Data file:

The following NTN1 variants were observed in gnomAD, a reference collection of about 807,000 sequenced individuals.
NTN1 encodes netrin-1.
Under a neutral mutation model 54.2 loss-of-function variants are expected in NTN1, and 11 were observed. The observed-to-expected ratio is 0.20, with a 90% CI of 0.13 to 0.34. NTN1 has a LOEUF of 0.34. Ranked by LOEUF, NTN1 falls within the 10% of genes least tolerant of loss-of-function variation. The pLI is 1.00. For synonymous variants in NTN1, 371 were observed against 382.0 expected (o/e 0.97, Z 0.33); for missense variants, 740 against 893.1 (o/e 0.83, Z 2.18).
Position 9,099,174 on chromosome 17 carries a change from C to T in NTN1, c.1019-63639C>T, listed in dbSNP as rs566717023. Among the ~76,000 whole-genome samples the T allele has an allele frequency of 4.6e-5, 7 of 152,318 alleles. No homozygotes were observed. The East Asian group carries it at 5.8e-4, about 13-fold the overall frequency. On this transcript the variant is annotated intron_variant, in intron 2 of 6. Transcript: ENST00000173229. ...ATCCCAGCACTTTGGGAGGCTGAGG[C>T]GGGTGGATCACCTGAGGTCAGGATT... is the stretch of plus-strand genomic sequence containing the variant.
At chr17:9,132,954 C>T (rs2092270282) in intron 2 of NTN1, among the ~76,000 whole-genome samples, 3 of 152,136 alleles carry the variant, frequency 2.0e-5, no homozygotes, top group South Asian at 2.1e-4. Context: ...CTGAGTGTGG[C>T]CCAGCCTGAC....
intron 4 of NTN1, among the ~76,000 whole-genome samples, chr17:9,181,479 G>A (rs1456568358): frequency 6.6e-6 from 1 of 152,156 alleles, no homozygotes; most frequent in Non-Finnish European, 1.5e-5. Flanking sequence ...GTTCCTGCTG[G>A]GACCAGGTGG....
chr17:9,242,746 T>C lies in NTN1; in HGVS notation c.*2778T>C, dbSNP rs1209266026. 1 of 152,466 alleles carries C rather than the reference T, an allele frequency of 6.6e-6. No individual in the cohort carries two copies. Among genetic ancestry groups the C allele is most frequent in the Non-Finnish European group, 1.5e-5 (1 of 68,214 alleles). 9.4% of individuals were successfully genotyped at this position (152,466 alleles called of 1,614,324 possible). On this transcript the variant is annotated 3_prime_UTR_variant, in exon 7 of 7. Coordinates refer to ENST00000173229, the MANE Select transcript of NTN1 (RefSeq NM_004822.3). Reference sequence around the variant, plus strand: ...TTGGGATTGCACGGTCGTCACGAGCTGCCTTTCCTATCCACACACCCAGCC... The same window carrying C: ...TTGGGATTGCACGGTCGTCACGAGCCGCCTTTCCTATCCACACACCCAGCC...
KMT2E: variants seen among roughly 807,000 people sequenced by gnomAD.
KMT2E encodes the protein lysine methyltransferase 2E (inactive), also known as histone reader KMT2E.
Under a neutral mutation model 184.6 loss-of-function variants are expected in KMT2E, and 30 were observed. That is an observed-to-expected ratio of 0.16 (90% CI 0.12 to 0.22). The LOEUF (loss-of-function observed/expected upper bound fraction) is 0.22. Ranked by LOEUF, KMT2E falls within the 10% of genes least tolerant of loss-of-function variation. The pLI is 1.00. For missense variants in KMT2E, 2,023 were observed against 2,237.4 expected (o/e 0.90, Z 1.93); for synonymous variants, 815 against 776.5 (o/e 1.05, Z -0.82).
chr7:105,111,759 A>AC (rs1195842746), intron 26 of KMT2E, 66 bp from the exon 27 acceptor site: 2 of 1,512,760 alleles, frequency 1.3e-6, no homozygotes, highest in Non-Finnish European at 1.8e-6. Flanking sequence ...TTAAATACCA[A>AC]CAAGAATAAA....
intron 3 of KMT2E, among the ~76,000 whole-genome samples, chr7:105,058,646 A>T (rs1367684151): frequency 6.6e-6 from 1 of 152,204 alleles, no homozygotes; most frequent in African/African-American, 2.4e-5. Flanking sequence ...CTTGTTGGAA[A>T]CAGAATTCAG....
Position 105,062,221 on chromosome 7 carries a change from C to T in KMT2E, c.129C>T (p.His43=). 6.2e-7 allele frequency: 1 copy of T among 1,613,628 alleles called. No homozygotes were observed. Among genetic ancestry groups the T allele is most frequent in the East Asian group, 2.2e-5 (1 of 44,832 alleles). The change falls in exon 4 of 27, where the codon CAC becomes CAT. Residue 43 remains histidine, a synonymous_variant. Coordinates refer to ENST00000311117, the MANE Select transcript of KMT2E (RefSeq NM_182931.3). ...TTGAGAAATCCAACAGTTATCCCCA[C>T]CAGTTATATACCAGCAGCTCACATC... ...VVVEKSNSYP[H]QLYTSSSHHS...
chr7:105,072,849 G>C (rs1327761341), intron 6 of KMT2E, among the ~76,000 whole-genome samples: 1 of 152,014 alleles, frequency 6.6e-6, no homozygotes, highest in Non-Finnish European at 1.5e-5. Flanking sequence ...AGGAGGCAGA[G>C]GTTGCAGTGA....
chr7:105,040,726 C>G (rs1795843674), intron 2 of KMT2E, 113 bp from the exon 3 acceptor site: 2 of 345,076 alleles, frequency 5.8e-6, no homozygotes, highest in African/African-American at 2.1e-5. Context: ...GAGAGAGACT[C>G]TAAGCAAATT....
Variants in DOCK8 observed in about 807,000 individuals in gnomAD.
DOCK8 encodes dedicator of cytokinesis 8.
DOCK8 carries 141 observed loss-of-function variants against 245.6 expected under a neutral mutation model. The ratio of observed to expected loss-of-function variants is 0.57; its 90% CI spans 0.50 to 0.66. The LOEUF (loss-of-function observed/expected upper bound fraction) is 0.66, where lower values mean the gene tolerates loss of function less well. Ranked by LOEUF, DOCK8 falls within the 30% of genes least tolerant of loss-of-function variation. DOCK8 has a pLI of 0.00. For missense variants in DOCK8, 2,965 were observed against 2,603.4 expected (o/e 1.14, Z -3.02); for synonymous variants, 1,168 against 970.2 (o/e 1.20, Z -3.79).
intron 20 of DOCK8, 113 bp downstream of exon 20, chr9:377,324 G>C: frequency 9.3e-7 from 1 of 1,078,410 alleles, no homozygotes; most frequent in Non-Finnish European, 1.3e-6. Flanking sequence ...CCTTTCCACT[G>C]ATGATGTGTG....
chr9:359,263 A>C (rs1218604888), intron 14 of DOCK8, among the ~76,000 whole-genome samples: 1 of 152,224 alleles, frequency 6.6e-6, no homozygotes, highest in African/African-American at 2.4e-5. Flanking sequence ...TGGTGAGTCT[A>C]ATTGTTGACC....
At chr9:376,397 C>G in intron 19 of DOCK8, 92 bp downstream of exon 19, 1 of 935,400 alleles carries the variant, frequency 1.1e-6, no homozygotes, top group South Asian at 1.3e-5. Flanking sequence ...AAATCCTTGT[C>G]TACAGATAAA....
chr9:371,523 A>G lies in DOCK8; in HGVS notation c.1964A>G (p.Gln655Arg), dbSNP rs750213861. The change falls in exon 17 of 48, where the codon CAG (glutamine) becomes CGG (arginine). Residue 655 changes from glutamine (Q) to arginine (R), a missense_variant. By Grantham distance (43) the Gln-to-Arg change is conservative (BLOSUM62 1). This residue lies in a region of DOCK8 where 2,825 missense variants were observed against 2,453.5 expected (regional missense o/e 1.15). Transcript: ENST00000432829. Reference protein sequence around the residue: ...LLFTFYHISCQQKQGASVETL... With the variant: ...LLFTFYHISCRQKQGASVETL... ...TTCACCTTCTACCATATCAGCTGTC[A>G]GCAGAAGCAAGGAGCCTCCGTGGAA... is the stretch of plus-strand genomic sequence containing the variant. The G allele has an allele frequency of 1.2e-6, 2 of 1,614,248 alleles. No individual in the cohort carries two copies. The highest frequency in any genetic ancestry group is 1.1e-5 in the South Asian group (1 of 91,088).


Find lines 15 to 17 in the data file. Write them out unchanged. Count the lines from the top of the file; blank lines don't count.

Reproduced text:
chr7:105,040,726 C>G (rs1795843674), intron 2 of KMT2E, 113 bp from the exon 3 acceptor site: 2 of 345,076 alleles, frequency 5.8e-6, no homozygotes, highest in African/African-American at 2.1e-5. Context: ...GAGAGAGACT[C>G]TAAGCAAATT....
Variants in DOCK8 observed in about 807,000 individuals in gnomAD.
DOCK8 encodes dedicator of cytokinesis 8.